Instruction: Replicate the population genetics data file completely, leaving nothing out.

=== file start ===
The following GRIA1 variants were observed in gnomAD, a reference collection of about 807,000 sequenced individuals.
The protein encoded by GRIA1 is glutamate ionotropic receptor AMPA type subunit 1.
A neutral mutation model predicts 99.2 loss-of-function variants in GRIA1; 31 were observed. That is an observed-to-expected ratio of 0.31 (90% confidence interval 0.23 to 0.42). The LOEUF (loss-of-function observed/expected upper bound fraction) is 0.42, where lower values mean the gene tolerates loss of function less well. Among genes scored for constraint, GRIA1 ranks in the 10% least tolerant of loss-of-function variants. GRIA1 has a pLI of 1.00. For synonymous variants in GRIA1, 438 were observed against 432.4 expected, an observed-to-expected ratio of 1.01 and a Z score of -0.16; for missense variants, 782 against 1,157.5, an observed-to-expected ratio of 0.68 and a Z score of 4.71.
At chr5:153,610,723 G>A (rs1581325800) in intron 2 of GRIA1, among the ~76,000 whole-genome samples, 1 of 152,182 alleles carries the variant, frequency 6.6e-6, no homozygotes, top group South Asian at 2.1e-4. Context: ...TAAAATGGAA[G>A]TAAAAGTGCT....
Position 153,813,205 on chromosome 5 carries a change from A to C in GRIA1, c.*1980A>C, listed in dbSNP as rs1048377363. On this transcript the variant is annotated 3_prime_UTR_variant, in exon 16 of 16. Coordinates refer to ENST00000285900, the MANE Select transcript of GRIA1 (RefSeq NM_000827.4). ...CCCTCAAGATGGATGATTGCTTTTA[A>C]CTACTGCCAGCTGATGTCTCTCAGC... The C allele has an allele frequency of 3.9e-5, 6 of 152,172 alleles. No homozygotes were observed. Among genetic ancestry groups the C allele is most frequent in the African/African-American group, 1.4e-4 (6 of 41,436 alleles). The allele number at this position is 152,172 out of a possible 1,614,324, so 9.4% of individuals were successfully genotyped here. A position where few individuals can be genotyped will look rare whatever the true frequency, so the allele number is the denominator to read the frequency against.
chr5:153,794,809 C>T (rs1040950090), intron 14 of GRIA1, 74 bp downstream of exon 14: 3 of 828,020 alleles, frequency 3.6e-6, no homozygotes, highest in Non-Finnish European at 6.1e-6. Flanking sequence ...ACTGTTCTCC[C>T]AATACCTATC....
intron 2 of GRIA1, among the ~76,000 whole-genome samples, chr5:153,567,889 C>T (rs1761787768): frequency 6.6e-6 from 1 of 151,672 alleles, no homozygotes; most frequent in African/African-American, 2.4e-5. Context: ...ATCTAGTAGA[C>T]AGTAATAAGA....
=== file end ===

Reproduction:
The following GRIA1 variants were observed in gnomAD, a reference collection of about 807,000 sequenced individuals.
The protein encoded by GRIA1 is glutamate ionotropic receptor AMPA type subunit 1.
A neutral mutation model predicts 99.2 loss-of-function variants in GRIA1; 31 were observed. That is an observed-to-expected ratio of 0.31 (90% confidence interval 0.23 to 0.42). The LOEUF (loss-of-function observed/expected upper bound fraction) is 0.42, where lower values mean the gene tolerates loss of function less well. Among genes scored for constraint, GRIA1 ranks in the 10% least tolerant of loss-of-function variants. GRIA1 has a pLI of 1.00. For synonymous variants in GRIA1, 438 were observed against 432.4 expected, an observed-to-expected ratio of 1.01 and a Z score of -0.16; for missense variants, 782 against 1,157.5, an observed-to-expected ratio of 0.68 and a Z score of 4.71.
At chr5:153,610,723 G>A (rs1581325800) in intron 2 of GRIA1, among the ~76,000 whole-genome samples, 1 of 152,182 alleles carries the variant, frequency 6.6e-6, no homozygotes, top group South Asian at 2.1e-4. Context: ...TAAAATGGAA[G>A]TAAAAGTGCT....
Position 153,813,205 on chromosome 5 carries a change from A to C in GRIA1, c.*1980A>C, listed in dbSNP as rs1048377363. On this transcript the variant is annotated 3_prime_UTR_variant, in exon 16 of 16. Coordinates refer to ENST00000285900, the MANE Select transcript of GRIA1 (RefSeq NM_000827.4). ...CCCTCAAGATGGATGATTGCTTTTA[A>C]CTACTGCCAGCTGATGTCTCTCAGC... The C allele has an allele frequency of 3.9e-5, 6 of 152,172 alleles. No homozygotes were observed. Among genetic ancestry groups the C allele is most frequent in the African/African-American group, 1.4e-4 (6 of 41,436 alleles). The allele number at this position is 152,172 out of a possible 1,614,324, so 9.4% of individuals were successfully genotyped here. A position where few individuals can be genotyped will look rare whatever the true frequency, so the allele number is the denominator to read the frequency against.
chr5:153,794,809 C>T (rs1040950090), intron 14 of GRIA1, 74 bp downstream of exon 14: 3 of 828,020 alleles, frequency 3.6e-6, no homozygotes, highest in Non-Finnish European at 6.1e-6. Flanking sequence ...ACTGTTCTCC[C>T]AATACCTATC....
intron 2 of GRIA1, among the ~76,000 whole-genome samples, chr5:153,567,889 C>T (rs1761787768): frequency 6.6e-6 from 1 of 151,672 alleles, no homozygotes; most frequent in African/African-American, 2.4e-5. Context: ...ATCTAGTAGA[C>T]AGTAATAAGA....